Fluent in 3 months: Beyond Javascript

Maxene Graze
4 min readOct 20, 2020

Week 2/12

Genealogical tree of programming languages

I gobbled up today’s topic: programming languages. Our activities consisted of “Hello World” introductions of a few of the more popular and classic programming languages out there (C, Ruby and Python). It reminded me of when I was in high school and I would spend some nights “testing out” foreign languages: from Old Norse to Russian. In the same way, I tried to be conscious of the shareable features amongst the programming languages and even how they can be categorized, like natural language families. My mind hopped from fantasies of a typological study to toying with the idea of programming language complexity — where I’d welcome learning Ruby, I sincerely hope I will never have to learn C. This idea could be related to how some people say that Indonesian is an “easy” language or learn, for example, while Chinese is “difficult.” (The actuality is obviously more complex than this — easy vs. difficult is entirely subjective and is mostly based off of your native language and prior language experiences). Nevertheless, you can translate Chinese into Indonesian, so although the way in which you might express yourself is different, you can get more or less the same point across. Same with coding languages.

The trophy went to Ruby. It was as clear and natural as I could ever hope a programming language would be, and it was only after I came to this conclusion I found out it was developed by a Japanese man! (This was hardly a surprise as my bias toward all things Japanese seems ingrained).

A lot of his quotes were rather poetic, almost to be expected, but among the many gems (no pun intended) I found this one:

Language designers want to design the perfect language. They want to be able to say, ‘My language is perfect. It can do everything.’ But it’s just plain impossible to design a perfect language, because there are two ways to look at a language. One way is by looking at what can be done with that language. The other is by looking at how we feel using that language-how we feel while programming.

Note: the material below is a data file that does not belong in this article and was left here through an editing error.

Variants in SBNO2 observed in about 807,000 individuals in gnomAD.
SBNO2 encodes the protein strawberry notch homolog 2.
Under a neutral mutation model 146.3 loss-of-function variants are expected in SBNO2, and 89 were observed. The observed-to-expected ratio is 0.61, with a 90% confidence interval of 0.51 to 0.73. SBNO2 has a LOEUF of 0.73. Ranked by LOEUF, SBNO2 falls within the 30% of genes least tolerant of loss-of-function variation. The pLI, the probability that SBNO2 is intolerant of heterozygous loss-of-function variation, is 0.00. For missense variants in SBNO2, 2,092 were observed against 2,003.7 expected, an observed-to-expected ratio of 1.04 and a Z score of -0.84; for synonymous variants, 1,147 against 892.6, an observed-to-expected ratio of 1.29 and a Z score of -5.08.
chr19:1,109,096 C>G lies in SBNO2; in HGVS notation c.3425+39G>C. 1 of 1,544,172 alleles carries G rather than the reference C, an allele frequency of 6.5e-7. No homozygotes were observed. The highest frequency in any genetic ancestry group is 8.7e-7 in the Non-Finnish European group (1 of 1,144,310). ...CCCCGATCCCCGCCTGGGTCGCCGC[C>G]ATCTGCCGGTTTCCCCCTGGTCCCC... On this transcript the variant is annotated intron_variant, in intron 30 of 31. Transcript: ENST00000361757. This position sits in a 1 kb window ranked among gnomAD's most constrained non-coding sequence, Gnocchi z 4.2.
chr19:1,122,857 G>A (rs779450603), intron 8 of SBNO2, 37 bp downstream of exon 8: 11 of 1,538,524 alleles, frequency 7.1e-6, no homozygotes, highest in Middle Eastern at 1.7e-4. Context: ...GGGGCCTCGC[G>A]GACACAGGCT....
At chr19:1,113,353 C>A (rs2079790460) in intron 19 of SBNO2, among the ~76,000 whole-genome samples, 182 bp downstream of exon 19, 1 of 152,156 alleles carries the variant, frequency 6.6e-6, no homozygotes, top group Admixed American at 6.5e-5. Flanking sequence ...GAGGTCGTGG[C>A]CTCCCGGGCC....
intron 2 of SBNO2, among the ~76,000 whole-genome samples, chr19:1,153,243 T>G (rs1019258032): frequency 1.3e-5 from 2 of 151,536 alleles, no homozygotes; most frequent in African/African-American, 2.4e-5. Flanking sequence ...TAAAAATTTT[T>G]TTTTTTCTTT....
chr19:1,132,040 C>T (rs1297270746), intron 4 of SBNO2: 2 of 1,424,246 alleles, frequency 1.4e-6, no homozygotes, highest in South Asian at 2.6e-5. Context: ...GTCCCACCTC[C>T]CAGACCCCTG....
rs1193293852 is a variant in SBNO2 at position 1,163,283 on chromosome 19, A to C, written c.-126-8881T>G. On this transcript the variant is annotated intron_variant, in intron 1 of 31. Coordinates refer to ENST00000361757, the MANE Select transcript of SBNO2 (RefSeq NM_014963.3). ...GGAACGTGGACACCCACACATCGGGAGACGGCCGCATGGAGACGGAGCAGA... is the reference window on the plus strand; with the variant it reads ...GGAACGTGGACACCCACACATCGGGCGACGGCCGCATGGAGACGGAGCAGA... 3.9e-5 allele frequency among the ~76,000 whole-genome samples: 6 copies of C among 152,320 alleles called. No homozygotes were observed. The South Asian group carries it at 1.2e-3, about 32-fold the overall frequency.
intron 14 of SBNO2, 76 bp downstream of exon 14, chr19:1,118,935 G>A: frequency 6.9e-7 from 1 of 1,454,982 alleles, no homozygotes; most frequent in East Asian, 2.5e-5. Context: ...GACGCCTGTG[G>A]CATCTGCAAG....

I immediately thought of Esperanto, easily the most famous artificial language out there (although a Tolkien or Star Wars fan might throw popcorn at me), created by Doctor L.L. Zamenhof in 1877 in hopes of establishing an “easy and neutral language” that would become a lingua franca. I won’t dive too deep into this topic, but I will say that neutrality is impossible when you have your own biases, and “easy” is entirely subjective — an “easy” language for an English-speaking language could be Spanish, whereas a Chinese would most likely prefer Taiwanese. Nevertheless, what has been “done” with Esperanto is the creation of a global community that isn’t necessarily tied down to a certain country, and that anyone who learns the language can be part of. I suppose there are enthusiasts of all languages — be it natural or programming languages. While my knowledge of Ruby is limited to a 1-hour “Hello World” intro, I could already feel my preference tipping from Javascript to Ruby. I’ll try to show you why. If you want to print “Hello World” onto the screen when a variable, “smile”, is true, you’d write this:

smile = true
if smile
puts "Hello World!"
puts "You should smile"

It’s comparable to rather awkward and ungrammatical English, but still understandable to those who don’t “speak” Ruby or other programming languages (I hope). Compare the above to Javascript with its “frivolous” punctuation:

let smile = true;
if (smile === true) {
console.log("Hello World!")
} else {
console.log("You should smile")

Which one is more readable to you? I have to say, I love the “end” touch in Ruby — instead of using brackets to close functions or sentences, for purposes of this analogy, it seems to use words as punctuation. I’m utterly fascinated with the different strategies that languages take to get the same point across. Take Chinese, for example, who doesn’t use tenses. Instead, they use time-related vocabulary to relate the tense. So instead of, “I went to the store yesterday,” in Chinese, it would literally translate to, “I go to the store yesterday.” Before learning the little I know about Chinese grammar, I figured that tense was a language universal and necessary to language. Discovering Chinese equivalents made me realize that there are other ways of expressing tense aside from verbs. In the case of the above example in Ruby, I never thought there were other ways to end a function, other than a bracket since I only had experience with Javascript functions. Another possible programming language typological topic.

Each programming language has its own history, style, expression, and flexibility or lack thereof. While each has found different niches, and loyal communities, like learning languages they give a peek into human logic and consciousness. From little details on how to end functions to larger, almost philosophical questions like Javascript’s Object-Oriented Ontology are begging to be explored.